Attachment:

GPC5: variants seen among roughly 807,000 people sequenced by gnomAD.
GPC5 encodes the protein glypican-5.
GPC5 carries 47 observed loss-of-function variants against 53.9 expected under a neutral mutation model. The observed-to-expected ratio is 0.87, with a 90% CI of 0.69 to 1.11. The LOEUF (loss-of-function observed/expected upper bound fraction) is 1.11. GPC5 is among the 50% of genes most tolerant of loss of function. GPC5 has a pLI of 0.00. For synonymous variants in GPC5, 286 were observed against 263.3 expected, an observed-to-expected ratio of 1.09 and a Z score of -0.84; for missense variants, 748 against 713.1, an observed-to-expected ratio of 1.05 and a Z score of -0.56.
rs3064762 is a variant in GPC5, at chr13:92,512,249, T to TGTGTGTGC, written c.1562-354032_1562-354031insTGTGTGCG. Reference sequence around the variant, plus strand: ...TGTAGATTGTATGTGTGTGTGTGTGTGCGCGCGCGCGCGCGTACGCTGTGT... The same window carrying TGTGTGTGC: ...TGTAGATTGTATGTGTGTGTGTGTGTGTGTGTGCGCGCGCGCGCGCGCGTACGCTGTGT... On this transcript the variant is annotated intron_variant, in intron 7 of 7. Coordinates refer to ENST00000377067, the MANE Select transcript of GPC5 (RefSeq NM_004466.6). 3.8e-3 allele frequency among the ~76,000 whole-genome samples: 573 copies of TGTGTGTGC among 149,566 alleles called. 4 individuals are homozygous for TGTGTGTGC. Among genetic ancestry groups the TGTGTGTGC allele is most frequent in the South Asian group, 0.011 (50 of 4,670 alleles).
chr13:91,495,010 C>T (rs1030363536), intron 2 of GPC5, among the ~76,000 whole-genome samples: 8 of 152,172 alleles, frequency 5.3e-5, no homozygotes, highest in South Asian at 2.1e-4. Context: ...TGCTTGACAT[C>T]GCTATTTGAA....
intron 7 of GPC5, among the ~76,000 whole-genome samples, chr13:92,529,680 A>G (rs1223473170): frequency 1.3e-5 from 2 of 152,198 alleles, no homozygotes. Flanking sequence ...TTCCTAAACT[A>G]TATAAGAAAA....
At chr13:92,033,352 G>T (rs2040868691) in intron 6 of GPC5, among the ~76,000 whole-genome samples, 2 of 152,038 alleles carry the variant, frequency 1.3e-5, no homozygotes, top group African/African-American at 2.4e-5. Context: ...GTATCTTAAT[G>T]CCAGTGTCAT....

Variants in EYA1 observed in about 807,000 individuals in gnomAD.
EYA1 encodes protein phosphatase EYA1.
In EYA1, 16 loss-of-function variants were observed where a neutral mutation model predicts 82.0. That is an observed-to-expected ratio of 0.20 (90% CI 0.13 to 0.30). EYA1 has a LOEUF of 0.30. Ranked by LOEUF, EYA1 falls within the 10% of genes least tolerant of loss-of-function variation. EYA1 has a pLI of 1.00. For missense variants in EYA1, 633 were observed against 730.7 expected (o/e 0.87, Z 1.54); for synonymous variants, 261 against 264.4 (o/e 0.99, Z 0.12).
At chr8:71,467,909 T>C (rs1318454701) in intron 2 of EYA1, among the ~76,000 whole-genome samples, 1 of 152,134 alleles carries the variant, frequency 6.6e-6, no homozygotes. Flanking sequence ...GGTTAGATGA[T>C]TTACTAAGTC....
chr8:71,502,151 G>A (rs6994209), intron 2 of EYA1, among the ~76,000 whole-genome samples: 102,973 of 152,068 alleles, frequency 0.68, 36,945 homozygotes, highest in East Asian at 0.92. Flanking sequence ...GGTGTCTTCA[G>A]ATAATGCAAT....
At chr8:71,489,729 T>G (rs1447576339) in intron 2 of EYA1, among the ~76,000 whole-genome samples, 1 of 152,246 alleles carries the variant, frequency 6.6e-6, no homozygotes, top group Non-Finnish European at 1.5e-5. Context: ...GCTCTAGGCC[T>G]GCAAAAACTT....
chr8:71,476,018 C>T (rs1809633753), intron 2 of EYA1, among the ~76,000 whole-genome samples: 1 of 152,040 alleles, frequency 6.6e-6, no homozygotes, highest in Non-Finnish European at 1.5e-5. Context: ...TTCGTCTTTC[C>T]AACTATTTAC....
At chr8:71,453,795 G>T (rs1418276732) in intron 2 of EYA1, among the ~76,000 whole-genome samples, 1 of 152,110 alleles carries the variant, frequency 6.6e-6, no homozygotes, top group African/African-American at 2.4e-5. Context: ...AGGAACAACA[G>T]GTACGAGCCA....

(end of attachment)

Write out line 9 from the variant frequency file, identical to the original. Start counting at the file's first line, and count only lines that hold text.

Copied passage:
EYA1 encodes protein phosphatase EYA1.